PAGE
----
Vol 11, No 1 (Jan 2022)

Table of Contents

Editorial


January 2022 Editors’ Note

Anna Osipova and Jemma Kim, Co-Editors

Dear Readers,

Happy New Year! We are excited to offer for your attention the first 2022 issue of the Journal of Special Education Apprenticeship (JOSEA). This issue is of a particular significance for our editorial team. In August 2021, Dr. Jemma Kim and I took on the roles of JOSEA’s Co-Editors, working closely with Dr. Sang Seok Nam. In the first few months we renewed the Editorial Board and welcomed new board members. We would like to thank our Editorial Review Board for their continued availability to serve as peer reviewers. We also worked with the authors who submitted their manuscripts to the previous editorial team and reviewed newly submitted articles. Thank you for your patience with the Journal during the transition period between the editorial teams. We are grateful to the community of early career faculty, graduate and doctoral students and their advisors, for continuing their research and working on publications despite the difficult times that we live in.

We would like to report that according to the latest Digital Commons Readership Snapshot for October 2021, JOSEA had 927 full-text downloads. While the number of downloads only tells part of the journal’s significance to the field of special education, it is an important number that illustrates that research and practice articles published in JOSEA are reaching a wide audience of scholars and practitioners. We aim to continue providing support and encouragement to the authors while upholding a high level of rigor in reviewing the submissions and promoting scholarship in our field.

This issue includes five articles that illustrate continued and current hot topics in the field. The articles represent a wide focus on all of the stakeholders in special education and their diverse needs: beginning special education teachers, paraprofessionals, parents, and students with disabilities. Larios et al.’s qualitative study examines the district level (mentorship) and the university supports available to alternative certification special education teachers (interns). Their findings emphasize the importance of time factor in finding the school site mentors and establishing supports for beginning teachers, especially those who are getting their credentials while teaching in the field. The study also differentiates between the needs of the first-year and second-year teachers. The article by VanLone and colleagues also focuses on the needs of the pre-service teachers. This single subject design study explores the effects of a video self-analysis package on pre-services teachers’ use of behavior specific praise. The study ties two very promising techniques - video analysis (especially important for beginning teachers) and use of behavior specific praise - into a meaningful and socially valid intervention. Research that focuses on teaching would not be complete without the studies that focus on paraprofessionals. Lichte and Scheef’s work examines the training needs of paraprofessionals who work with students with disabilities. The results of the study indicate the need for training related to specific job requirements and outline the broad list of areas of training reported as critical for paraprofessionals.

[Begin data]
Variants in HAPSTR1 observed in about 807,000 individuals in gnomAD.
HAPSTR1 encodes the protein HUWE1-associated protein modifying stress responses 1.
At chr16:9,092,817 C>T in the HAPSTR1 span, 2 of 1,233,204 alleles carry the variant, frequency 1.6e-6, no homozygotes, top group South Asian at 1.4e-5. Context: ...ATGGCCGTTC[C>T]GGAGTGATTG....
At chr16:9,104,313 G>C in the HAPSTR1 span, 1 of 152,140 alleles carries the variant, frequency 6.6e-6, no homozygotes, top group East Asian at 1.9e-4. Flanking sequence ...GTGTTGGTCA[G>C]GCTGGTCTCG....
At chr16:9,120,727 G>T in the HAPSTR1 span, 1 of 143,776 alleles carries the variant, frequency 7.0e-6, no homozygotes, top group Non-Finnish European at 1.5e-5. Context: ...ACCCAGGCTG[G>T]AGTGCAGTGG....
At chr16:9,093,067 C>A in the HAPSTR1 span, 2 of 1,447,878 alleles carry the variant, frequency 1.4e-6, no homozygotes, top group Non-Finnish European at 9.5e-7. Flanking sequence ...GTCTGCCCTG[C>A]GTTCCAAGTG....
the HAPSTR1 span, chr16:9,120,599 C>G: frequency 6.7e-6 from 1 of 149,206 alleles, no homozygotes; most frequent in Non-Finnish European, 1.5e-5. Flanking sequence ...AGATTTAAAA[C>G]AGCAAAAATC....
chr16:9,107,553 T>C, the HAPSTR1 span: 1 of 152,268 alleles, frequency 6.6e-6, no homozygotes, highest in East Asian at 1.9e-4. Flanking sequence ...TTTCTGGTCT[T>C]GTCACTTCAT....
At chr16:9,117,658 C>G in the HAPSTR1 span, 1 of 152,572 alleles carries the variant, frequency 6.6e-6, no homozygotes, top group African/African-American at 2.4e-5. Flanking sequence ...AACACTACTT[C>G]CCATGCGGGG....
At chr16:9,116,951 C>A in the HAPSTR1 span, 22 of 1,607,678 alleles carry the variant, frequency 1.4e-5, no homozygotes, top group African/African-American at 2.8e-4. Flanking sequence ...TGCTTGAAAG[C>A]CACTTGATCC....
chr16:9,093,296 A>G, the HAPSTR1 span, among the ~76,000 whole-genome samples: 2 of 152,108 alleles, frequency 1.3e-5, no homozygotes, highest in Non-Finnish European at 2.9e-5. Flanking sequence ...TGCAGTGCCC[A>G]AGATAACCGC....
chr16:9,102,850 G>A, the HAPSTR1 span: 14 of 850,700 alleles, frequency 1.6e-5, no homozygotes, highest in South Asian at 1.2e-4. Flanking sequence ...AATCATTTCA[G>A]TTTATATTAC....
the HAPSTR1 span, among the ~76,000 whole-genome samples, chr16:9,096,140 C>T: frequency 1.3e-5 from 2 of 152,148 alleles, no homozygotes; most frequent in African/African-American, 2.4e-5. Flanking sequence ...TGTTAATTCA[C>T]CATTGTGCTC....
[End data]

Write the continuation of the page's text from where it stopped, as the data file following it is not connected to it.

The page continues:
Two articles in this issue focus on students with disabilities and needs of their families. The quasi-experimental study by Buxbaum and colleagues investigated comprehension of memes by three groups of adolescents: teens who were deaf or hard of hearing, teens with language disorders, and teens who were typically developing. The findings suggest the need for explicit direct instruction of humor that that includes social media when working with adolescents with disabilities. The study by Gordon et al. turns our attention to the needs of families of students with disabilities in the COVID-19 times. The authors examined online parental guidance and special education documents published by the 50 states and the District of Columbia’s department of education websites. The findings reveal the overwhelming difficulty of such documents with readability levels exceeding the recommended reading levels established by research.